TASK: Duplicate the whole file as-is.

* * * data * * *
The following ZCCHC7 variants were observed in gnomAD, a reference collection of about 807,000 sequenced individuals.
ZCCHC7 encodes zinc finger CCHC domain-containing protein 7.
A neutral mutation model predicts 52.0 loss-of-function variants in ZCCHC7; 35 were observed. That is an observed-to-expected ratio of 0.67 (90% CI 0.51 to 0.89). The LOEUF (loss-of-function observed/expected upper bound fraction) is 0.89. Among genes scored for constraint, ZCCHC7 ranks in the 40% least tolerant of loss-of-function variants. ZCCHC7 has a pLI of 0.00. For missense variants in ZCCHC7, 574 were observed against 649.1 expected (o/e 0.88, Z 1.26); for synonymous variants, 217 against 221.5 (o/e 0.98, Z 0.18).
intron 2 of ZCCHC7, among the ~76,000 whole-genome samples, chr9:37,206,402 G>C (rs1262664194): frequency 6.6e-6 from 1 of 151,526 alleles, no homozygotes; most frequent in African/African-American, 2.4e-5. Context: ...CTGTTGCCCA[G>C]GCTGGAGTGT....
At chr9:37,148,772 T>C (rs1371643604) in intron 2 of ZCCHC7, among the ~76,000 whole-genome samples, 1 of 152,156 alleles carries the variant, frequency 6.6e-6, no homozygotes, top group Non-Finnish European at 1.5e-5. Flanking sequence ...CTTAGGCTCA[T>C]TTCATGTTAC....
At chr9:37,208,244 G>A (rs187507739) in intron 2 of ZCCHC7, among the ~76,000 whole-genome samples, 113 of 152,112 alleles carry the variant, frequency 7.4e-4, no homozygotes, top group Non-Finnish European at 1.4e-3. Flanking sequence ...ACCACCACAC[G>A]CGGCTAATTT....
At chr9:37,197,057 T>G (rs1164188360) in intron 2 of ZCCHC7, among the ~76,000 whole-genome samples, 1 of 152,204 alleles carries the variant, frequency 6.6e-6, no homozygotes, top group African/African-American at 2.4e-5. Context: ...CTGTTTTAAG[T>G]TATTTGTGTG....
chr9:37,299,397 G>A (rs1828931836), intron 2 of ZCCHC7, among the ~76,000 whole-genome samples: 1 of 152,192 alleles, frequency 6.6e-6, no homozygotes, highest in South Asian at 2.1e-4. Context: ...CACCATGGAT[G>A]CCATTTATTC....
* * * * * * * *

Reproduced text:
The following ZCCHC7 variants were observed in gnomAD, a reference collection of about 807,000 sequenced individuals.
ZCCHC7 encodes zinc finger CCHC domain-containing protein 7.
A neutral mutation model predicts 52.0 loss-of-function variants in ZCCHC7; 35 were observed. That is an observed-to-expected ratio of 0.67 (90% CI 0.51 to 0.89). The LOEUF (loss-of-function observed/expected upper bound fraction) is 0.89. Among genes scored for constraint, ZCCHC7 ranks in the 40% least tolerant of loss-of-function variants. ZCCHC7 has a pLI of 0.00. For missense variants in ZCCHC7, 574 were observed against 649.1 expected (o/e 0.88, Z 1.26); for synonymous variants, 217 against 221.5 (o/e 0.98, Z 0.18).
intron 2 of ZCCHC7, among the ~76,000 whole-genome samples, chr9:37,206,402 G>C (rs1262664194): frequency 6.6e-6 from 1 of 151,526 alleles, no homozygotes; most frequent in African/African-American, 2.4e-5. Context: ...CTGTTGCCCA[G>C]GCTGGAGTGT....
At chr9:37,148,772 T>C (rs1371643604) in intron 2 of ZCCHC7, among the ~76,000 whole-genome samples, 1 of 152,156 alleles carries the variant, frequency 6.6e-6, no homozygotes, top group Non-Finnish European at 1.5e-5. Flanking sequence ...CTTAGGCTCA[T>C]TTCATGTTAC....
At chr9:37,208,244 G>A (rs187507739) in intron 2 of ZCCHC7, among the ~76,000 whole-genome samples, 113 of 152,112 alleles carry the variant, frequency 7.4e-4, no homozygotes, top group Non-Finnish European at 1.4e-3. Flanking sequence ...ACCACCACAC[G>A]CGGCTAATTT....
At chr9:37,197,057 T>G (rs1164188360) in intron 2 of ZCCHC7, among the ~76,000 whole-genome samples, 1 of 152,204 alleles carries the variant, frequency 6.6e-6, no homozygotes, top group African/African-American at 2.4e-5. Context: ...CTGTTTTAAG[T>G]TATTTGTGTG....
chr9:37,299,397 G>A (rs1828931836), intron 2 of ZCCHC7, among the ~76,000 whole-genome samples: 1 of 152,192 alleles, frequency 6.6e-6, no homozygotes, highest in South Asian at 2.1e-4. Context: ...CACCATGGAT[G>A]CCATTTATTC....